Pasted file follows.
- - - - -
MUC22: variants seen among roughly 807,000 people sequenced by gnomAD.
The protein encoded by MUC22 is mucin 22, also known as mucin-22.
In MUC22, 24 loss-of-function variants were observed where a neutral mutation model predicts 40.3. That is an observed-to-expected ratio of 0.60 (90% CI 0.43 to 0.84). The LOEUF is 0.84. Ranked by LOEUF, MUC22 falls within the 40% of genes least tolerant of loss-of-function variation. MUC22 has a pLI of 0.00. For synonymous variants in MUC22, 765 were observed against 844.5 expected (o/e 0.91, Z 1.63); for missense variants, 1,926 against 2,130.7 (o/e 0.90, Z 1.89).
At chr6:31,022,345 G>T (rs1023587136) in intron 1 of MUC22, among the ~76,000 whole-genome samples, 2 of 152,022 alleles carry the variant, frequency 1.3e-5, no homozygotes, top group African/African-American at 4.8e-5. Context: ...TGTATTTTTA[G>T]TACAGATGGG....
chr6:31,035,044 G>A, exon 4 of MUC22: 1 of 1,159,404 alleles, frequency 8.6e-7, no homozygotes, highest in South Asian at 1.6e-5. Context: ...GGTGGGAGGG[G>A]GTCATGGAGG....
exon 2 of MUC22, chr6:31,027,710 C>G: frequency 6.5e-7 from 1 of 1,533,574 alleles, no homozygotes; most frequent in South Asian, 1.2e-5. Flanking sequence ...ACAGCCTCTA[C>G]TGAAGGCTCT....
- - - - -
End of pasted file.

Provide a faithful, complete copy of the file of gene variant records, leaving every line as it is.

MUC22: variants seen among roughly 807,000 people sequenced by gnomAD.
The protein encoded by MUC22 is mucin 22, also known as mucin-22.
In MUC22, 24 loss-of-function variants were observed where a neutral mutation model predicts 40.3. That is an observed-to-expected ratio of 0.60 (90% CI 0.43 to 0.84). The LOEUF is 0.84. Ranked by LOEUF, MUC22 falls within the 40% of genes least tolerant of loss-of-function variation. MUC22 has a pLI of 0.00. For synonymous variants in MUC22, 765 were observed against 844.5 expected (o/e 0.91, Z 1.63); for missense variants, 1,926 against 2,130.7 (o/e 0.90, Z 1.89).
At chr6:31,022,345 G>T (rs1023587136) in intron 1 of MUC22, among the ~76,000 whole-genome samples, 2 of 152,022 alleles carry the variant, frequency 1.3e-5, no homozygotes, top group African/African-American at 4.8e-5. Context: ...TGTATTTTTA[G>T]TACAGATGGG....
chr6:31,035,044 G>A, exon 4 of MUC22: 1 of 1,159,404 alleles, frequency 8.6e-7, no homozygotes, highest in South Asian at 1.6e-5. Context: ...GGTGGGAGGG[G>A]GTCATGGAGG....
exon 2 of MUC22, chr6:31,027,710 C>G: frequency 6.5e-7 from 1 of 1,533,574 alleles, no homozygotes; most frequent in South Asian, 1.2e-5. Flanking sequence ...ACAGCCTCTA[C>G]TGAAGGCTCT....